Abstract
Dialogue and Fellowship in Religious Experience (FIRE) to Promote Harmony of Religions and Welfare of All

Rev. Jose Nandhikkara CMI

Director, Carmelites of Mary Immaculate

Rev. Jose Nandhikkara CMI, a Carmelite Priest, is the Dean of the Faculty of Philosophy at Dharmaram Vidya Kshetram and Head of the Department of Philosophy at Christ University, Bangalore. He also serves as Director of the Centre for the Study of World Religions and Chief Editor of the Journal of Dharma. He also works in the fields of Comparative Religion and Religious Experience and promotes Faiths Seeking Harmony of Life and Fellowship in Religious Experience, through visits, workshops, lectures and conferences. In his interreligious work he is guided by the Vedic vision, “Let noble thoughts come from all sides” (Rgveda 1.89.1) and the motto, fides querens harmonium vitae – faith seeking harmony of life. He has an excellent academic record, with three Bachelor degrees in Philosophy, Geology, and Theology and an MA in Philosophy and Theology from Oxford University, as well as a Licentiate in Philosophy from Gregorian University, Rome. He holds a PhD in Philosophy from Warwick University, UK. His doctoral dissertation is titled Being Human from a Religious Point of View, after Wittgenstein. Rev Nandhikkara has authored a book, Being Human after Wittgenstein: A Philosophical Anthropology and edited the compilation, Ethical Interface: Literature, Economics, Politics, Religion. He has also published twenty research articles in a number of national and international journals and edited compilations. He has attended various national and international conferences where he presented research papers on Philosophy and Religious Studies.

Abstract

Dialogue and Fellowship in Religious Experience (FIRE) to Promote Harmony of Religions and Welfare of All

Dialogue and Fellowship in Religious Experience (FIRE) refers to words, deeds, and events that promote mutual understanding and enrichment among members of different religious believers. It is observed that a dialogue words and scholars, however sophisticated and necessary it may be, is of no significance if it is not part of dialogue of action and dialogue of life. Dialogue partners should meet as pilgrims who have set out to search for harmony of religions promoting welfare of all. Though as human beings we have our unique identity, we form part of the universe with the rest of the world, who are not strangers or enemies but neighbours and partners without whom human life is impossible. Religion is not primarily an intellectual enterprise, though not without cognitive content; it is a way of life involving nature, nurture and grace. Plurality of religions is not just something that is to be tolerated, but something precious that is to be celebrated. Conversation and collaboration among members of various religions promote social integration and harmony of life.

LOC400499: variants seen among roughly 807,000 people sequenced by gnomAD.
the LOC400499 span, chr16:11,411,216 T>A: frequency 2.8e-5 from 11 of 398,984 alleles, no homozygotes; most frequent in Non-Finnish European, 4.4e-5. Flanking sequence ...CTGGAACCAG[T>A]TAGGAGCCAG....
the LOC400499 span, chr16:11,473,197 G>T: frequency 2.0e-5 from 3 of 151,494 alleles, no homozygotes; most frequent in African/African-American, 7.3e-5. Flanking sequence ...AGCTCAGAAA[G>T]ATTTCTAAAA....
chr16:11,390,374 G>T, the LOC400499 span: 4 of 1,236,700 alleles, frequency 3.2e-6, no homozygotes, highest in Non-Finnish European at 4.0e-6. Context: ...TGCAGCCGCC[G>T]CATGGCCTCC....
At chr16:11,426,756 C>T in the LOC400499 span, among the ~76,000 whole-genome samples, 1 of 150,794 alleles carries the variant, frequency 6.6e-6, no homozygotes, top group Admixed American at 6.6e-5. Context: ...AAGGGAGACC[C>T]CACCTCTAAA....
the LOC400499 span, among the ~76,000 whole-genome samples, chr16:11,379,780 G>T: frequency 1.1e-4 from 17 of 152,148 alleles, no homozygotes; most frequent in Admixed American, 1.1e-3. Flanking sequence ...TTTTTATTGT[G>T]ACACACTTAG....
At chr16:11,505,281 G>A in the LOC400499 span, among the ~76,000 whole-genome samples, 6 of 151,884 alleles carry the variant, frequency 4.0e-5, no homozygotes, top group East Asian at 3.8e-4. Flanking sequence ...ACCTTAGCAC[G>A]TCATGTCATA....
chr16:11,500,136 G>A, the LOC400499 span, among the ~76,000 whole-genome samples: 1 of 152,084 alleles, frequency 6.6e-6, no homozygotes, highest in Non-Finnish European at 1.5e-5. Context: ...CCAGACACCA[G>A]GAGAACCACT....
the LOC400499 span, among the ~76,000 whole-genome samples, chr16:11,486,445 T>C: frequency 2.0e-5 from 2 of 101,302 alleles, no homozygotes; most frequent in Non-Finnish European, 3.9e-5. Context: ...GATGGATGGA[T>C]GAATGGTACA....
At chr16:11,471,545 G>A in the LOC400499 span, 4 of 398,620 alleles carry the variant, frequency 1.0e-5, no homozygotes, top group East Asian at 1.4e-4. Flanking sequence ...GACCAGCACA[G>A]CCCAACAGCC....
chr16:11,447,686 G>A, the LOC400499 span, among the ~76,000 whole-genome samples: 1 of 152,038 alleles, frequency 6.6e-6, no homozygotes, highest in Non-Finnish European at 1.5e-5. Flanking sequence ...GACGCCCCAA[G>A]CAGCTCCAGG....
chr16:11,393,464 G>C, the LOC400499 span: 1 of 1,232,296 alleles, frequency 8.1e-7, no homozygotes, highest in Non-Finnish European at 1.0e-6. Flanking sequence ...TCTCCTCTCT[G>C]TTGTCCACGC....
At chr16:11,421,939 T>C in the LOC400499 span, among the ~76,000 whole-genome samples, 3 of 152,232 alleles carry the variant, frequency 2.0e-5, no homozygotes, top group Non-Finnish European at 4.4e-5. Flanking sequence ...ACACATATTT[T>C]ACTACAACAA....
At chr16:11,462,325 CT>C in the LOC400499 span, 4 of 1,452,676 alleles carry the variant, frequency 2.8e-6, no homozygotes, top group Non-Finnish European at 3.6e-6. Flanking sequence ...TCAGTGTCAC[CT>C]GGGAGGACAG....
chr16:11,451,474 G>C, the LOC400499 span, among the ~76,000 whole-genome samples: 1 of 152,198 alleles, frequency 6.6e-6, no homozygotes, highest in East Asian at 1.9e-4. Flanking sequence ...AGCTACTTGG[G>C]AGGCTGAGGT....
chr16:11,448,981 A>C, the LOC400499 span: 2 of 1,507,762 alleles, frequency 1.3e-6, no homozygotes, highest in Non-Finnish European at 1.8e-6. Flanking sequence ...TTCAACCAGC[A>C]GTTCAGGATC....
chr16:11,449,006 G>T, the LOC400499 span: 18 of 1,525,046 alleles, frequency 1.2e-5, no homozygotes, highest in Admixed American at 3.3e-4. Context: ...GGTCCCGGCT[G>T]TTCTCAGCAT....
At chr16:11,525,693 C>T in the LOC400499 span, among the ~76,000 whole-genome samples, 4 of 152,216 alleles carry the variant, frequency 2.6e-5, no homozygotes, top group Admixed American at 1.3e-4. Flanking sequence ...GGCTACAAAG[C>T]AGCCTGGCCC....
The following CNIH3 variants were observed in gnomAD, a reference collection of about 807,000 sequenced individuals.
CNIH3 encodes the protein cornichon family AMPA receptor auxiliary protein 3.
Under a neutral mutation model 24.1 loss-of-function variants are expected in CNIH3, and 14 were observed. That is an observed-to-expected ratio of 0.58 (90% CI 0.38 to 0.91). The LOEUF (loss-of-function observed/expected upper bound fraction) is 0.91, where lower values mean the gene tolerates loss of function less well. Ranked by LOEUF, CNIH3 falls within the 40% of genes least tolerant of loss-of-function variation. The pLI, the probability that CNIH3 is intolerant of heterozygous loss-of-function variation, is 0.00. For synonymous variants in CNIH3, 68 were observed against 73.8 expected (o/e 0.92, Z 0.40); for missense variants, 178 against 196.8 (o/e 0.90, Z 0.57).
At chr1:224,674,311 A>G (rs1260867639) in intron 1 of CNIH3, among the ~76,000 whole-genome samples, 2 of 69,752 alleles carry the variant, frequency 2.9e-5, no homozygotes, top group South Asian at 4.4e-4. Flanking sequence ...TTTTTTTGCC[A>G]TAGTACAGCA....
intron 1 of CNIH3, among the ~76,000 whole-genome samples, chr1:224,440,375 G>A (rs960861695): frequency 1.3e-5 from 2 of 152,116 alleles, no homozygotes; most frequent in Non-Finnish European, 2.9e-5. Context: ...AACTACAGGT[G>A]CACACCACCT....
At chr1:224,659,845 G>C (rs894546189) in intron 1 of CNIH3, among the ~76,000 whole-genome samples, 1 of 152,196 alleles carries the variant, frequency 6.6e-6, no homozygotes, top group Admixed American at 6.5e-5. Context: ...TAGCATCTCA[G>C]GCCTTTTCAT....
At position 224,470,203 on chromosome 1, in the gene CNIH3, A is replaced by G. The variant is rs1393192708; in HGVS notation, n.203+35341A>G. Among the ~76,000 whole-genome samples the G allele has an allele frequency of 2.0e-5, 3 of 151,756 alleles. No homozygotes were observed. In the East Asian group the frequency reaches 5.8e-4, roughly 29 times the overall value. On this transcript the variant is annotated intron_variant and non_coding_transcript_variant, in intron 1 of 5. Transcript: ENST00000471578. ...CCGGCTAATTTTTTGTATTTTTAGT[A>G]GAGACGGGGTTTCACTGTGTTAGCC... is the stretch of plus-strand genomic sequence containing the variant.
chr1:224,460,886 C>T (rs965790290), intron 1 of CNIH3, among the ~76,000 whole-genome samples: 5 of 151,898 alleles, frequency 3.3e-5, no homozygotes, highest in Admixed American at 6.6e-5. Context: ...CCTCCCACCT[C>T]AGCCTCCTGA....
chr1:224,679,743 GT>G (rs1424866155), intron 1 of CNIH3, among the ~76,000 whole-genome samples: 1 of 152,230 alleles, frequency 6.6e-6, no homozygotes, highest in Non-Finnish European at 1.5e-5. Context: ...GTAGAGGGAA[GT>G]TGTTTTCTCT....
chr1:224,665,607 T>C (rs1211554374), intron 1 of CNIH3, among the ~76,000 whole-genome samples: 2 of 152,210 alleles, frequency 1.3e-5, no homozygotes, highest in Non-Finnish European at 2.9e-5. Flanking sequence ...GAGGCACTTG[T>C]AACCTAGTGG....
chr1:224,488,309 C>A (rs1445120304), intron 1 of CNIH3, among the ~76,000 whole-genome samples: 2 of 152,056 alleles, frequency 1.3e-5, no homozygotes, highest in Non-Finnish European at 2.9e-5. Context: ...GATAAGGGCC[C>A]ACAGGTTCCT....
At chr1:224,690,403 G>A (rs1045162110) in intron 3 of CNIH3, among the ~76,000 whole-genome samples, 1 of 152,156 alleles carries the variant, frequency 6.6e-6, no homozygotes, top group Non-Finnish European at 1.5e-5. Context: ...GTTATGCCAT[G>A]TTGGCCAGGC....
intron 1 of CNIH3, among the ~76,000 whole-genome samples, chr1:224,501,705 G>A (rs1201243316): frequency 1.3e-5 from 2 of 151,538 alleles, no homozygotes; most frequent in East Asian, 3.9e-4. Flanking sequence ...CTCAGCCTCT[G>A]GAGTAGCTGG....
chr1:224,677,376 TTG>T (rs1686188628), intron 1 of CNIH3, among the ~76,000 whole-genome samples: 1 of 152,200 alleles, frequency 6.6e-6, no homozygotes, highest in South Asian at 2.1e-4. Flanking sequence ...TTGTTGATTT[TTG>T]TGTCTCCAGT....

Wittgenstein, the most influential philosopher of the twentieth century, provides tools for conceptual clarity and effective dialogue among religions and cultures. His key concepts of language game, family resemblance, and stream of life could be effectively used to promote authentic dialogue among religions and cultures and make dialogue a way of life. In this paper, after preliminary investigations on dialogue, I will critically and creatively analyse Wittgenstein’s key concepts of “language game,” “family resemblance” and “form of life” in order to throw light on the process and project of dialogue and fellowship in religious experience. Learning from Wittgenstein, I will show the importance of co-reflection, conversation and collaboration among religions to avoid clash of civilizations and to promote peace and harmony.

    Fellowship In Religious Experience (FIRE) is a project devoted to inter-religious dialogue, through a participative approach to the study of religion – lectures by scholars, discourses by believers, visits to places of religious importance, meals, observation of rituals, and participation in festivals – showing the uniqueness of each religion with similarities and differences with other traditions. The main objective of the programme is promoting learning to live together in peace and harmony and to train the participants to be promoters of peace and harmony in society. The aims of FIRE are: to increase the religious literacy of the participants to know themselves and their neighbours so that they live together in harmony and become agents of peace and harmony in the society; to foster interest and understanding in the religious dimensions of societies and peoples, to enable the participants to understand and interpret the diverse religious beliefs and practices around them, and foster understanding between religions, and to provide theoretical and practical knowledge on various religious traditions to teachers, police, and Government officials, political and religious leaders.